Monday, October 01, 2007

ERWA Reviews For the Cure

Coming Together: For the CureVirtuous Smut:

Edited by Alessia Brio
Phaze Books, ISBN 978-1-59426-930-1

Reviewed by Lisabet Sarai

Do you hide your erotic reading material? Thrust it guiltily into the bed table drawer, or sneak it under a pile of New Yorker Magazines, or stuff it into a bookcase behind War and Peace? Coming Together for the Cure is an erotic anthology that you can display proudly. I mean that metaphorically but sincerely, since this collection is currently available only as an eBook (although the print version is expected in October). This is virtuous smut!

CTFTC is the latest in Alessia Brio's series of altruistic anthologies, all of whose proceeds are channeled to philanthropy. This volume's profits go to the Susan B. Komen Foundation to support breast cancer research and education. Previous anthologies (this is the fifth) have been devoted to causes ranging from digital freedom to Hurricane Katerina relief, and next year's book, Coming Together with Pride, will be dedicated to HIV/AIDS prevention and research.

Born into a world where transistor radios were high technology, I'm not completely comfortable with eBooks. I'm embarrassed to admit that I print them out in order to read them. Never mind, though; I've started to appreciate the attraction of ePublishing. For one thing, since the cost of printing and paper is not an issue, an eBook can be bigger, full of more juicy scenes and salacious stories than a print anthology. (As an editor who had to cut half of dozen of my favorite authors out of my recent print anthology Cream, I know first hand about the tyranny of page limits.) CTFTC is a whopping 360 pages long, and every page is filled with the good stuff.

The collection begins with a highly personal introduction by Chelsea Summers, mistress of the award-winning "Pretty Dumb Things" blog. Chelsea shares her memories of her grandmother, a breast cancer survivor who never surrendered. Chelsea's message is to celebrate life; that is a theme that runs through the entire collection.

The stories in CFTFC are diverse. You'll find gay, lesbian, het, BDSM, historical, speculative, and paranormal tales, in styles ranging from down-home humorous to mysterious and poetic. The one thing that unites them is their positive tone, their emphasis on sex as an invigorating, nurturing, and healing experience. Those of you who enjoy angst and darkness in your erotica will need to look elsewhere.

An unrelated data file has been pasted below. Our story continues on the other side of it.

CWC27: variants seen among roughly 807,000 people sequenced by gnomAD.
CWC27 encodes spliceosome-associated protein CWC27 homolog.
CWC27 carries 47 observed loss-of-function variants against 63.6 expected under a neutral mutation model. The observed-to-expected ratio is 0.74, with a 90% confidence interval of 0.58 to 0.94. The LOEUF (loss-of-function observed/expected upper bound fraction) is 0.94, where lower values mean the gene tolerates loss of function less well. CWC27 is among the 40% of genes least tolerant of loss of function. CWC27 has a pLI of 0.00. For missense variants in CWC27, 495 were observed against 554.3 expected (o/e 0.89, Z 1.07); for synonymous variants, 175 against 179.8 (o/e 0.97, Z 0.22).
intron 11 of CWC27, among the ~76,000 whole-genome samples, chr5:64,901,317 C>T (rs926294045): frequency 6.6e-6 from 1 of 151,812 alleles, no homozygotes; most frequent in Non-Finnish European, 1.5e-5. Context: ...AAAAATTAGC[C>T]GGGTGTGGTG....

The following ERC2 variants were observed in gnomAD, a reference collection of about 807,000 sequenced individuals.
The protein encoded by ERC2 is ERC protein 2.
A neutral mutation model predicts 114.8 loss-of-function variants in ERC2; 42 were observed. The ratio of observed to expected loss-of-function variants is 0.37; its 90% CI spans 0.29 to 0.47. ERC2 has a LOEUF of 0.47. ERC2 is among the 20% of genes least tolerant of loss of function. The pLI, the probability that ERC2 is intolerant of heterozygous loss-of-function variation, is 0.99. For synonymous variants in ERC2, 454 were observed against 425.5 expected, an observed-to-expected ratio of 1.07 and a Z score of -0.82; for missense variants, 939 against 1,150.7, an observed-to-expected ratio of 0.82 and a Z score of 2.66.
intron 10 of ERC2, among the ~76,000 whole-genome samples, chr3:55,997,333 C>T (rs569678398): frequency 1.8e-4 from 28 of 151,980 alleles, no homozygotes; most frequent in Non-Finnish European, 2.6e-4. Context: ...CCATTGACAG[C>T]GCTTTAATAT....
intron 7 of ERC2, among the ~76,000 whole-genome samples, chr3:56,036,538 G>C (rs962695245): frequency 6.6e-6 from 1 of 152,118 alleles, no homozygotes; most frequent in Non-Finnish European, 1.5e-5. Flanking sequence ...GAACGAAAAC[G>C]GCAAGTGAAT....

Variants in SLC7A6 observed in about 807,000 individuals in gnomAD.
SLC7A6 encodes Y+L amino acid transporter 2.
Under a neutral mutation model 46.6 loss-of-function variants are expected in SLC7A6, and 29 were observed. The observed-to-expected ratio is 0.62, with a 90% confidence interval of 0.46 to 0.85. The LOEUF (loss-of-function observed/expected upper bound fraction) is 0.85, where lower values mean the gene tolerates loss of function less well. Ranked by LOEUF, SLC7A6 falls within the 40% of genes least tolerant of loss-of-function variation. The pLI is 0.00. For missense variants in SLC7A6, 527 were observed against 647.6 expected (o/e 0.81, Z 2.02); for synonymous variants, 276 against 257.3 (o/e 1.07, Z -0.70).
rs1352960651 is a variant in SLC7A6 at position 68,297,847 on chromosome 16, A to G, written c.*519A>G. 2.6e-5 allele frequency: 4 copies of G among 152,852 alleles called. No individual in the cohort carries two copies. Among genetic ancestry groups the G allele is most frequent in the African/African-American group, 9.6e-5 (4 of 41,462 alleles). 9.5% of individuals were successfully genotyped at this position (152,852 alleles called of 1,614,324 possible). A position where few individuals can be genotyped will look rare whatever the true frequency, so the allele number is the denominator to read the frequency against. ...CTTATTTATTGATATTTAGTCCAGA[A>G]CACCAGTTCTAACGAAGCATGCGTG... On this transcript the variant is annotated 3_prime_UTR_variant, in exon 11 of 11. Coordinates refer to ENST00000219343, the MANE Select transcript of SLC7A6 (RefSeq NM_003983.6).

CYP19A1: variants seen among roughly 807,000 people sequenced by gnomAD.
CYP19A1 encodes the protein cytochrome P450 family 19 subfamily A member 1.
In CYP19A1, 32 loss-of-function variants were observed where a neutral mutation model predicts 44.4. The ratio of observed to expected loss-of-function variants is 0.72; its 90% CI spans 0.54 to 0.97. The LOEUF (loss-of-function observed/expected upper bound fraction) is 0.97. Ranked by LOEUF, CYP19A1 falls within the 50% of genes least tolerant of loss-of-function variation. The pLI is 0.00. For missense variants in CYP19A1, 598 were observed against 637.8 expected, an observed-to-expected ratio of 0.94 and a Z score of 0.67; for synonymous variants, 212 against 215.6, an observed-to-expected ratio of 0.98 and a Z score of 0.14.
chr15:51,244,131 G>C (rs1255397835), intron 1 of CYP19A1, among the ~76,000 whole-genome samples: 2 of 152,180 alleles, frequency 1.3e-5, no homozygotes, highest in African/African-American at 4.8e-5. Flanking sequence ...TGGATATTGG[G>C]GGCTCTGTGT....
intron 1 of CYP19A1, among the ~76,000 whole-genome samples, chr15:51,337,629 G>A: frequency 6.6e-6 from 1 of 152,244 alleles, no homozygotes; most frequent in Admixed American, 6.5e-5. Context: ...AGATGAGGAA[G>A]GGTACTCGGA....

One of the pleasures of perusing this tome was the opportunity to encounter many writers who were new to me. Aside from a few familiar names (Alessia herself, Robert Buckley and some gal named Lisabet Sarai) nearly all the bylines were unfamiliar. That doesn't mean that these authors are amateurs. Many of them have published extensively, but often in eBook or in the erotic romance community, both of which have been pretty much foreign territory to me until recently.

I can't possibly give you a full picture of the rich offerings in this book, but I'll steer you to some of my favorites. James Buchanan's "Angel on the Wall" is a tale of magical realism about the physical and psychic connection between two young men of the streets. "If We Were", by Jeremy Edwards, describes what happens when a guy indulges in some playful fantasy with his long-time friend who claims to be "ninety percent lesbian". "The Wet Spot" is Carys Wheldon's well-crafted tale of two outsiders who meet at a sex club where they're determined to do nothing but watch. I adored "Bound to Love", Kelly Maher's romance about the rituals required to reunite soul-mates separated in time and space by a jealous god. Lawrence Doyen offers up "Ecstasy in E Minor", a poetic meditation on desperation and joy set in the seediest and most ethereal city in the world, New York. Sommer Marsden's "Making Me Do Things" had me laughing at her couple's exhibitionistic antics, while Selena Kitt's "Stay" brought me to sympathetic tears as the main character deals with the loss of her husband and her beloved pet.

Several of the stories focus on breast cancer, and the bravery required to face it. Alessia Brio's "Butterfly" gives us a tough, sexually adventurous heroine who thought her breasts were nothing but trouble -- until they were gone. Lee, the cancer survivor in Kate Burn's "Neuva Dia", almost loses the love of her life for fear of getting too close. And in "My Right Breast", Amelia June illustrates the empowerment and growth that can come from being someone's beloved slave.

Don't worry. Coming Together for the Cure is not in the least preachy or depressing. Some of the stories will touch you deeply; others will simply entertain. All, however, will leave you feeling energized and grateful. This book overflows, not just with sex, but with love.

Coming Together for the Cure is available from Phaze Books.
The Phaze order page is:,+by+Alessia+Brio,+ed.

The Print-on-demand version will be available via the same link as soon as it comes out, as well as from other online booksellers including Amazon.

If you enjoy positive, lively erotic stories with a romantic twist, click on over to Phaze and get yourself a copy of this collection. It will make you feel virtuous -- a novel sensation, I'm sure, for many of ERWA's debauched denizens, but one that should be savored nevertheless.

Lisabet Sarai
October 2007

Coming Together for the Cure
(Phaze Books, ISBN 9781594269301)
Available at: Phaze Books

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